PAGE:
Fit isn't really about "getting used to it". The most common problem I see is bars too far away, and too low. Our CAAD8 has a long steerer tube and the bars are "slammed". The saddle to top of bar drop is the same 8cm as all my bikes. This drop is entirely personal. You could start with this and go up or down as you get used to the position. I've gone down to 10cm but always seem to come back to 8cm. In days of old, bars were much higher and the drop smaller. But the curve on the handlebars much deeper so riders would not ride on the hoods as much. Modern bikes have shorter headtubes and pros ride on the hoods more. We mortals put the bars back up by flipping the stem (ugly) or spacers (less ugly) or buying a "comfort" geometry bike like the Synapse. Modern drop bars have less of a drop to "compensate" for the lower handlebars. This can mean that there is not enough clearance when sprinting out of the saddle on the drops.
There is no magic. Find the saddle height and fore aft that suits you first. Then set the bar reach (stem length) and height. To set reach. Lean forward on the hoods and the angle at the elbow should be 90-100 degrees. I'll bet your angle is bigger. The usual symptom is a pain in the neck after a couple of hours in the saddle due to hunching of the shoulders.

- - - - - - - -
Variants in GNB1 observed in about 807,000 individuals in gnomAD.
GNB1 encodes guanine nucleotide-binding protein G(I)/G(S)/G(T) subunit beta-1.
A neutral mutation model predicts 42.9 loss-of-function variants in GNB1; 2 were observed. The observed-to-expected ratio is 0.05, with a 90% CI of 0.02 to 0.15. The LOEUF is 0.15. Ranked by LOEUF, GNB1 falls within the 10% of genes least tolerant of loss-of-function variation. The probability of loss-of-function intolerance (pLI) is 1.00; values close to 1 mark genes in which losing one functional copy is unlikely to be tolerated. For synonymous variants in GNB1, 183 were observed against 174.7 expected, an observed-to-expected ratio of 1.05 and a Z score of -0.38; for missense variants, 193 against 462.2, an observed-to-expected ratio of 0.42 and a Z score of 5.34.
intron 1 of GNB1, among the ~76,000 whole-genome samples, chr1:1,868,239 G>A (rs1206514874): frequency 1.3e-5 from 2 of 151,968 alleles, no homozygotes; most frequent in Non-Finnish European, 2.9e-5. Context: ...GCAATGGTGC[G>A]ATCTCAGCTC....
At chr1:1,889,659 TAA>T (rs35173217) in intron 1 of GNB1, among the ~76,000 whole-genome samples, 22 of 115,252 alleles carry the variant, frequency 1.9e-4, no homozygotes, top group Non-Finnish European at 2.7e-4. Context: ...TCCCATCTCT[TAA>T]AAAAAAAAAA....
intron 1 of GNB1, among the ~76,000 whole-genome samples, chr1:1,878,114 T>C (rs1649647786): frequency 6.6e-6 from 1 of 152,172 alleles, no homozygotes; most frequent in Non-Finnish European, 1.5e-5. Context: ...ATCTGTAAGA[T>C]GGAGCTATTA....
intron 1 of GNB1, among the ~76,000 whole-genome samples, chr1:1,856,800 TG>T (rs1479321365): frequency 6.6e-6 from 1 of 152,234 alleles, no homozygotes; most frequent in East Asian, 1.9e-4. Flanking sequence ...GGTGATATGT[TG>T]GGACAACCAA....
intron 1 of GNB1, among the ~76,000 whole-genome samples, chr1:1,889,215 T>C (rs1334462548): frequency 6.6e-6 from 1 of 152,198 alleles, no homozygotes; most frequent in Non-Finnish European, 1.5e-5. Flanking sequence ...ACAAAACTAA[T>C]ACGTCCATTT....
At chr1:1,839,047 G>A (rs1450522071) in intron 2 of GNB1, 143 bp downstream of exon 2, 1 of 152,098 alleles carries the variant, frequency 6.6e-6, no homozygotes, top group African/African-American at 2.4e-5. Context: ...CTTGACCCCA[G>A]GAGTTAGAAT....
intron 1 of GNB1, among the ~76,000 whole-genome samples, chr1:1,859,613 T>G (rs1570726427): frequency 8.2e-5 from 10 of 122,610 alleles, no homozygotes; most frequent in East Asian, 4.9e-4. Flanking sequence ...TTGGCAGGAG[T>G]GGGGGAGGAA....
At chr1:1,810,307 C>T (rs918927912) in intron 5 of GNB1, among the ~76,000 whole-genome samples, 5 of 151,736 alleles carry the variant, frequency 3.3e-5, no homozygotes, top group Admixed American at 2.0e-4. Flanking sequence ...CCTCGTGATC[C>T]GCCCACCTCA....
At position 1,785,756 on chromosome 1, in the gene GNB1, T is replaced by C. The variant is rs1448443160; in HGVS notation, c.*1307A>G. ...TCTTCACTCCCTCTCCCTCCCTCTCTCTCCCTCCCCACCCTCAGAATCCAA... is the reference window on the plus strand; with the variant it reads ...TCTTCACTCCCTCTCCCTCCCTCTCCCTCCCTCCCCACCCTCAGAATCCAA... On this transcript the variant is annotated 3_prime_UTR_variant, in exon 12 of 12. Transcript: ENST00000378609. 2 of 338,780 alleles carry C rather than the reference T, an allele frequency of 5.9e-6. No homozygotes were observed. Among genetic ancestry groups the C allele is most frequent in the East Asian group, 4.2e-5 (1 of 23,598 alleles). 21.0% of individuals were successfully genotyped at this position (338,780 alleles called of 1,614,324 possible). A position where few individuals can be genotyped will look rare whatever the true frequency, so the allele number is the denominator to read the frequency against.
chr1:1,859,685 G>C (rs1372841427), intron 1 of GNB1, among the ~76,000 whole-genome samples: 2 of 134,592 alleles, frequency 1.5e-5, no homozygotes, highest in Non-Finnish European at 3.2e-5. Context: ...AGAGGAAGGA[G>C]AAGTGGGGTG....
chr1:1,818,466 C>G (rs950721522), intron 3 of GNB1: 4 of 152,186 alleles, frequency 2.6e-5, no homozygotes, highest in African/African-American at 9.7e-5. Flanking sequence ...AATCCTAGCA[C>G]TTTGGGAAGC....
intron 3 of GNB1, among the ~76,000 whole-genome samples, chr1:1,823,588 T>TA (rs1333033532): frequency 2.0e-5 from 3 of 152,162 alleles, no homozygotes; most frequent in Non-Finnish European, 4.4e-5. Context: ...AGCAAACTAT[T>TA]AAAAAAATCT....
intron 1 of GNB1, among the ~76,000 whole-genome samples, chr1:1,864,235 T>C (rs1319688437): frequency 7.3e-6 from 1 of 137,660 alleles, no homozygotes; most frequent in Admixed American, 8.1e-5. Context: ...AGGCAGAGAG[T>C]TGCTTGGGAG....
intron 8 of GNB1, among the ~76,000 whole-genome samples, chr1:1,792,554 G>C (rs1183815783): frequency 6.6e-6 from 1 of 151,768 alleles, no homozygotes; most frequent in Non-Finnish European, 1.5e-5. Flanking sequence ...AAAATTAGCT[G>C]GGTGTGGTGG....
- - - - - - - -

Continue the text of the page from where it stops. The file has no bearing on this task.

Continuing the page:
For climbing some might suggest being further back is helpful. Out of the saddle, it really won't matter. In the saddle, I've not founf much difference, but of the three bikes, the nice ultralightweight carbon Defy always climbs the fastest regardless of geometry.
Just get the basic three contact point triangle right and set any bike accordingly.
Saddle top to BB is 74cm
Tip of Arione saddle is 5cm behind BB
Drop from saddle to top of bars 8cm
Tip of saddle to bars is 54.5cm
All my bikes are the same. Including my SS mtb, although the bars are higher.